Falling values and falling rents.....

Discussion in 'Property Market Economics' started by Stoffo, 15th Jan, 2019.

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  1. Stoffo

    Stoffo Well-Known Member

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    Had a call from our PM yesterday:confused:

    Our current tenant viewed another property on the agency's list (credit to the PM for picking up on this ;))

    The tenant loves our IP, but is also saving to get into the market and paying a premium rent they are finding it hard :oops:

    So they are looking at cheaper options (good for them, at least they are being pro active about it).
    Not so good for us :(

    With the building boom in Sydney there are many more vacancies available, often newer large developments, causing an oversupply so all rents suffer :eek: (with the shiny new places often being better value)

    So with the lease soon to expire we have limited options
    1, lose the tenant and go through the expense of advertising/vacancy
    2, keep the tenant and take a 10% cut the the rental income (with a new 12 month lease)
    3, sell, likely at a loss :mad:

    Very much doubt we are alone :rolleyes:

    How is everyone else finding things ?
     
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  2. Marg4000

    Marg4000 Well-Known Member

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    Are you charging fair value rent at present?
    Or are rents dropping in your area?
    How difficult does your PM think it will be to get another quality tenant at the current rental?
    And how long will the property be vacant (best guess)?

    If there are a lot of vacancies in your area, at cheaper rents (or similar rents for better properties), you maybe should consider retaining your tenant at a lower rent.

    Selling is an entirely different decision, taking into account your circumstances.
    Marg
     
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  3. Trainee

    Trainee Well-Known Member

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    When did you buy it?
     
  4. JohnPropChat

    JohnPropChat Well-Known Member

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    Ask your PM for a rental appraisal report. If there is plenty of supply (count and days on market) and reduced prices then try and retain your current tenant with a discount.
     
  5. JohnPropChat

    JohnPropChat Well-Known Member

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    A new tenant with 2 to 4 weeks of vacancy + new set of fees for the agent will cost a lot more than 10% loss in rent. Not to mention, the new tenant may be a saint or a tenant from hell.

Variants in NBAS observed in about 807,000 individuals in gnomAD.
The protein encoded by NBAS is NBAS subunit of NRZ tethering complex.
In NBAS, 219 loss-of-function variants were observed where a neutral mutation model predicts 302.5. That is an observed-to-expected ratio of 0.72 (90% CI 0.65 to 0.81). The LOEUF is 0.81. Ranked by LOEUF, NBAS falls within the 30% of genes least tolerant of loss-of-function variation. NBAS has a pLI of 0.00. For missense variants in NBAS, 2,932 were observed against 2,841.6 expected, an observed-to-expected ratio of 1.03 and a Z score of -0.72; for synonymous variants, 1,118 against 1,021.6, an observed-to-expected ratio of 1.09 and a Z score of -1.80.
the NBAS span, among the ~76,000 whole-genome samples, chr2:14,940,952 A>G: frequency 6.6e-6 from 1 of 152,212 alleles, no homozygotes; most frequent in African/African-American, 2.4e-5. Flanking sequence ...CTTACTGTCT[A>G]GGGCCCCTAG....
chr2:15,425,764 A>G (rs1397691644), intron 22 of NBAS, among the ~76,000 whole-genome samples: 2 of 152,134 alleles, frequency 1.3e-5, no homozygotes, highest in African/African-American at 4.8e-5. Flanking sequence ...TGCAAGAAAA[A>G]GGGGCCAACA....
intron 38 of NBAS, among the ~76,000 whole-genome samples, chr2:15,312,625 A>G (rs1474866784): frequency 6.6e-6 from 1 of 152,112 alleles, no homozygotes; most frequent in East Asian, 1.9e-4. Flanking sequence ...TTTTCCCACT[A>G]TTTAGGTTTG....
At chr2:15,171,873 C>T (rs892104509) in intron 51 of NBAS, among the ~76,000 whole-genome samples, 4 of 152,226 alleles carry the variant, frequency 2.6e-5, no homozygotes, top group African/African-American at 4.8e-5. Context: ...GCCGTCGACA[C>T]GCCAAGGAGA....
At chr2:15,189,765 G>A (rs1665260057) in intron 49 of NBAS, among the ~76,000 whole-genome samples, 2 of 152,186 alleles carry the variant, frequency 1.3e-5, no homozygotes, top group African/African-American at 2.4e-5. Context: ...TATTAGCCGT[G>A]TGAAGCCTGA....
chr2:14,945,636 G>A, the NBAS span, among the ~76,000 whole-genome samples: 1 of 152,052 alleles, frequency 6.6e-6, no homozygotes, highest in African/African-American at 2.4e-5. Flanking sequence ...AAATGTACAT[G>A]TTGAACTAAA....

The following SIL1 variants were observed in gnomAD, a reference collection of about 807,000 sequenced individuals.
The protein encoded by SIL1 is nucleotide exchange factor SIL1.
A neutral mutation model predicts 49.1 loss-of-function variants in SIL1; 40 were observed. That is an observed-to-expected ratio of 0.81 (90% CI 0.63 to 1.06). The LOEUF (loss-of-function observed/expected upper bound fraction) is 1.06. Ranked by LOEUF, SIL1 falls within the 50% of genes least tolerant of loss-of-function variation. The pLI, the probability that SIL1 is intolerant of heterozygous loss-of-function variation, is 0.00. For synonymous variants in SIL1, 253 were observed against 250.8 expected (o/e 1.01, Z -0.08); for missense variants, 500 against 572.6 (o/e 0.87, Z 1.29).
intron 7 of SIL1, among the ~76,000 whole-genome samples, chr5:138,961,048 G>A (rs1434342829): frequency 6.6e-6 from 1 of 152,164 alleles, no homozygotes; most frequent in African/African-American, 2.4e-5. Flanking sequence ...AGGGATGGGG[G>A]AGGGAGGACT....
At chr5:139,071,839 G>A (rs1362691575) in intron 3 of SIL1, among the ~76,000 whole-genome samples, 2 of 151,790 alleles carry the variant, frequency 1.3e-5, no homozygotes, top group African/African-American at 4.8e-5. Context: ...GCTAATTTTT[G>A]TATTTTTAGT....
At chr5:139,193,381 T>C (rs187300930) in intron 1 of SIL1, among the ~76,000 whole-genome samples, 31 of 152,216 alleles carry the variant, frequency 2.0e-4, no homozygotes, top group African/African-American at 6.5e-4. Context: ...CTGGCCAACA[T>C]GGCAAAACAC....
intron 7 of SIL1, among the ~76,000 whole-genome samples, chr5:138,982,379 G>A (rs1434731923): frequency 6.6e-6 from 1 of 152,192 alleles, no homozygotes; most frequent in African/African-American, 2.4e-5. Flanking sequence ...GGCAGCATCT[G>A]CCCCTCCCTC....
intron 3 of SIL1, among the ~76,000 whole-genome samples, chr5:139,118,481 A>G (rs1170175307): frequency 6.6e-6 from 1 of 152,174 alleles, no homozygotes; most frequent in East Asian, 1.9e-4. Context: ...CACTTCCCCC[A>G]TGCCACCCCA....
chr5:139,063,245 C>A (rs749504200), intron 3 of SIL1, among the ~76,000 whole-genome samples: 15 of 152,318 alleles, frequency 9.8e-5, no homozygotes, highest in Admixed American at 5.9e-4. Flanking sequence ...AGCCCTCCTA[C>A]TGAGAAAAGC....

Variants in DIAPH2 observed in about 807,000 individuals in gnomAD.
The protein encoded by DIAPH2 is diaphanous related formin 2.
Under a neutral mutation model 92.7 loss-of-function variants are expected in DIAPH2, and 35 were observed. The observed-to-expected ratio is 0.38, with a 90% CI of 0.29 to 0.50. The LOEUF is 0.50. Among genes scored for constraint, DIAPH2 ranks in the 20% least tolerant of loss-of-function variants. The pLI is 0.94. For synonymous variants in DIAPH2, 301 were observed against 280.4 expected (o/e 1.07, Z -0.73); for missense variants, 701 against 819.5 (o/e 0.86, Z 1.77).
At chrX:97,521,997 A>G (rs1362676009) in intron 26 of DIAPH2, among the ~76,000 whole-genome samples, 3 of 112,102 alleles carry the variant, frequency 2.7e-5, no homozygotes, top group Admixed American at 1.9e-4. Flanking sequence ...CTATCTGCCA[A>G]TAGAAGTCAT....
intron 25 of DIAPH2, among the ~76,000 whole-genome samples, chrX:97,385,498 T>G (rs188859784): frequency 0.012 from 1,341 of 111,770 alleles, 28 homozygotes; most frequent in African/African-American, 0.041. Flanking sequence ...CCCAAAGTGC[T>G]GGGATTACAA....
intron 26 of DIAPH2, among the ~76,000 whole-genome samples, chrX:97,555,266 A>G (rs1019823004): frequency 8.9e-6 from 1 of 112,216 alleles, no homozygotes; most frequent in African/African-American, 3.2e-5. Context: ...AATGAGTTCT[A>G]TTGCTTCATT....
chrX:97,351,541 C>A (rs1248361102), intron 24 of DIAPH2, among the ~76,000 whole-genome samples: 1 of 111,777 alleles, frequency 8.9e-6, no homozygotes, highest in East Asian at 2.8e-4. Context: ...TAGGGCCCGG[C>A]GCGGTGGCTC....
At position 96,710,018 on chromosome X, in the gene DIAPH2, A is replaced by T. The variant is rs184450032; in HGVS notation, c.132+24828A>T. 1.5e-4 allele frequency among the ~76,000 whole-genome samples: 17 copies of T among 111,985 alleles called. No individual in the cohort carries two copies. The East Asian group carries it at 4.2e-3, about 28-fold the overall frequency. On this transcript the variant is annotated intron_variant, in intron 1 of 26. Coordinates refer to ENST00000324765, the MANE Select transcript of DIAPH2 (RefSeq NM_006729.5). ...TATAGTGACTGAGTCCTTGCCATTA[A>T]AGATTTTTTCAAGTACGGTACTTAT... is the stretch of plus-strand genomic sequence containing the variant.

6. MRO

    MRO Well-Known Member

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    Take the 10% decrease.
     
  7. Illusivedreams

    Illusivedreams Well-Known Member

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    I tend to agree.
    10% is alot but it may be it's in a large apartment building with similar properties...

    Supply and demand

    As above potential vacancy 1 week fee to agent and lease prep cost may be cheaper to give reduction.
     
  8. Lacrim

    Lacrim Well-Known Member

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    I'd take a rent hit and keep the tenant. Maybe offer to do a reno while they're in there (and maintain the rent). Serves to keep tenant and to prep for when they leave...whilst getting paid rent.

    Why is selling at a loss an option - when did you buy?
     
  9. Westminster

    Westminster Tigress at Tiger Developments Business Member

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    Option 4. Reduce your price but not as low as the other property. Something to make it worthwhile for your current tenant to not go through the hassle of packing up, removalists fees, changing addresses etc
     
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  10. marmot

    marmot Well-Known Member

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    A good idea is to also keep an eye on the general direction of the vacancy rates.
    If vacancy rates are going up ,especially during and after a building boom there is a good chance the market will over correct for a couple of years.
    Not really good news for investors as they are trying to compete with brand new builds and rents can go in a downward spiral as more and more brand new properties hit the market.
    A example is what happened in Perth when rents went south,many investors held out on price , lost their tenants and after weeks with no interest then decided to drop their rents.
    By this time the market had moved even further south and they were continuously trying to chase the market down .
    Many investors had to turn into salesmen , some were better than others but for many with older properties they sat empty for months, until the for sale signs came out.
     
  11. Zoolander

    Zoolander Well-Known Member